RIP Hugo Chávez but How About Chavismo?

By Michael J. Economides

Venezuela’s Hugo Chávez has passed away after a very public illness, evoking sympathy by all those in the world admiring his firebrand rhetoric against the devil incarnate himself, the United States (Chávez own preferred allegory.) The most prominent will be Iran’s Mahmoud Ahmadinejad who will fly to Venezuela to pay his respects to his “hermano”.

Crying women in the ranchitos surrounding Caracas, lamented the loss of their leader who cast a much bigger shadow than a normal politician; “We have Jesus Christ and we had Hugo Chávez.

Most people in the world thought that populism had died with communism an ignominious death 25 years ago. Not quite in South America and for certain not so in Venezuela. It has infected other countries in the neighborhood such as Bolivia, Ecuador and the mother lode of them all, Argentina, whose modern manifestations have been Mr and Mrs Kirchener, and where it all started with Juan Péron, more than 60 years ago. Chavismo has proven resilient, perhaps in need of a new standard bearer. It will not be that simple but getting rid of it will be even more difficult.

Mindless populism is at issue here, the notion that all wealth generating resources belong to the “people.” Few populists would imagine re-investments, building infrastructure, training people, taking advantage of the multiplier in the economy.

One would think that after 14 years of undisputed governance, ten of which with persistent $100 oil prices and more than a $trillion in revenues, Venezuela should be at the top tier of, at least South American countries. It is not. Many countries have higher growth rates and the Bolivar whose official rate against the cursed dollar is 6.3, trades at almost 30 in the black market. Inflation runs at 20%, minimum. Venezuela produces today less oil than during the first nationalization in the 1970s.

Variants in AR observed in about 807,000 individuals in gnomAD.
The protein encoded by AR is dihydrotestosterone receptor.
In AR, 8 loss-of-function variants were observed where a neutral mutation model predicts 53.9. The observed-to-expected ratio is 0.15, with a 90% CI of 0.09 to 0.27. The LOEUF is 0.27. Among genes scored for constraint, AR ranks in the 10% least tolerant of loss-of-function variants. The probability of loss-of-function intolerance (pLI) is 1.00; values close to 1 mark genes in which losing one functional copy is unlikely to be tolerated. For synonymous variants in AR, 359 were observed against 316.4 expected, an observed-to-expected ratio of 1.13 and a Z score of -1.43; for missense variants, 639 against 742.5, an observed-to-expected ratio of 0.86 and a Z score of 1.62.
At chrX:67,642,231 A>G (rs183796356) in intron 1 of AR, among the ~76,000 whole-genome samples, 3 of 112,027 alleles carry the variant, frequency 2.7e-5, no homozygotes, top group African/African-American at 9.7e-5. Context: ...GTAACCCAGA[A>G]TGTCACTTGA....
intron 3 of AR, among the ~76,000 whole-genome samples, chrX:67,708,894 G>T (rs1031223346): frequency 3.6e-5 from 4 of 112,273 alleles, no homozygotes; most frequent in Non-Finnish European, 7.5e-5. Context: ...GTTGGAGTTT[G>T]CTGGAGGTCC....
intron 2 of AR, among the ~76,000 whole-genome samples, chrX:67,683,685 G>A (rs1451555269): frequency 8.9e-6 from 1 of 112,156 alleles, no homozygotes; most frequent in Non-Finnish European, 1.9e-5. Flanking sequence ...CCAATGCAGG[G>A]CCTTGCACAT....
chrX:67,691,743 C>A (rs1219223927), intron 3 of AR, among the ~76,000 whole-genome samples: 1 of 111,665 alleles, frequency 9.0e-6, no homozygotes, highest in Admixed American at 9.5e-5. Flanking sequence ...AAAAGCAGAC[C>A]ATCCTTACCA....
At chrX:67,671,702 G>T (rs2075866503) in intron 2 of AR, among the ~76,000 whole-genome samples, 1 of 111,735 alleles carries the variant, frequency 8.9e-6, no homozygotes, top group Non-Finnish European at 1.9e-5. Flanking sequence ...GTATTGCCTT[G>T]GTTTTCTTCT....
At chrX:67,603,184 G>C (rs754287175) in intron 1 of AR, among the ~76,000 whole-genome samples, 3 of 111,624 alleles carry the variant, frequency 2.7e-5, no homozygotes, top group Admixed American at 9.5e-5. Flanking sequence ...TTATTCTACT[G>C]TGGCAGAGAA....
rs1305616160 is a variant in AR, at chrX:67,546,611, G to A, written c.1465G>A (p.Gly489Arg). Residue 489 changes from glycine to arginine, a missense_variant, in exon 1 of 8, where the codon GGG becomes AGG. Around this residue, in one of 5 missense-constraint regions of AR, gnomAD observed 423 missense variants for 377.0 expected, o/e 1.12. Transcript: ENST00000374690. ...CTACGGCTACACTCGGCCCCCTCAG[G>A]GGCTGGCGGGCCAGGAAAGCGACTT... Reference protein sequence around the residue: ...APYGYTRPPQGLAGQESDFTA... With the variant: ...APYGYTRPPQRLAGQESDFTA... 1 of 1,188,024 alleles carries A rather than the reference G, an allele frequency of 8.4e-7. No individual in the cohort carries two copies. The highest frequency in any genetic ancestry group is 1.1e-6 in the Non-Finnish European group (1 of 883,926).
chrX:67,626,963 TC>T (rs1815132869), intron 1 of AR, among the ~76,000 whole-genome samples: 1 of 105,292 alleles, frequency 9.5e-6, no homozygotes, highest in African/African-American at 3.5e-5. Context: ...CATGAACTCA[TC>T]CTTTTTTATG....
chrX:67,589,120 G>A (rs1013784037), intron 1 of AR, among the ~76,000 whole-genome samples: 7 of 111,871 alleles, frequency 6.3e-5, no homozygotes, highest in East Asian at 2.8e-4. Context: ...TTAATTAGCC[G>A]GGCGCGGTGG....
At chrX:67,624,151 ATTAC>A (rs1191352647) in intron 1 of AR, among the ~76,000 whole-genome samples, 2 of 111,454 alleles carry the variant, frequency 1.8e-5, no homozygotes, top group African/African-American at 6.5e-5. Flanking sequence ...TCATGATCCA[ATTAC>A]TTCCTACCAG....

PDVSA, the national oil company has been decimated after a decade-ago strike and the wholesale firing of practically every professional. The result is a dire shortage of skills in the country’s vital oil industry. On the other hand in far-flung places such as Nizhnevardovsk in Western Siberia or Queensland in Australia, dozens of Venezuelans from the PDVSA diaspora toil their crafts for foreign companies.

One may ignore macroeconomics, the purview of economic conservatives. Populism which dominates a large portion of US political thought and is even bigger in South America, is not supposed to be too concerned about capitalism, free enterprise and market forces. Welfare giveaways should be sufficient. There is not much difference in the attitudes of many American politicians, regulators and even academics who ought to know better.

But stripping the ideological and economic debate it is hard to make any positive-spin case for Venezuela, a society whose institutions have fallen apart and where the murder rate increased by 250% since Chávez took over. Corruption in this populist utopia has run rampant. In Transparency International’s latest rankings of most corrupt countries in the world, Venezuela ranks 165 out of 174.

On a personal note, I have spent some of the best times of my career working in that country. Wonderful colleagues, great people, warm, fun and hospitable. They deserve a better future.

Michael Economides is Editor-in-Chief of the Energy Tribune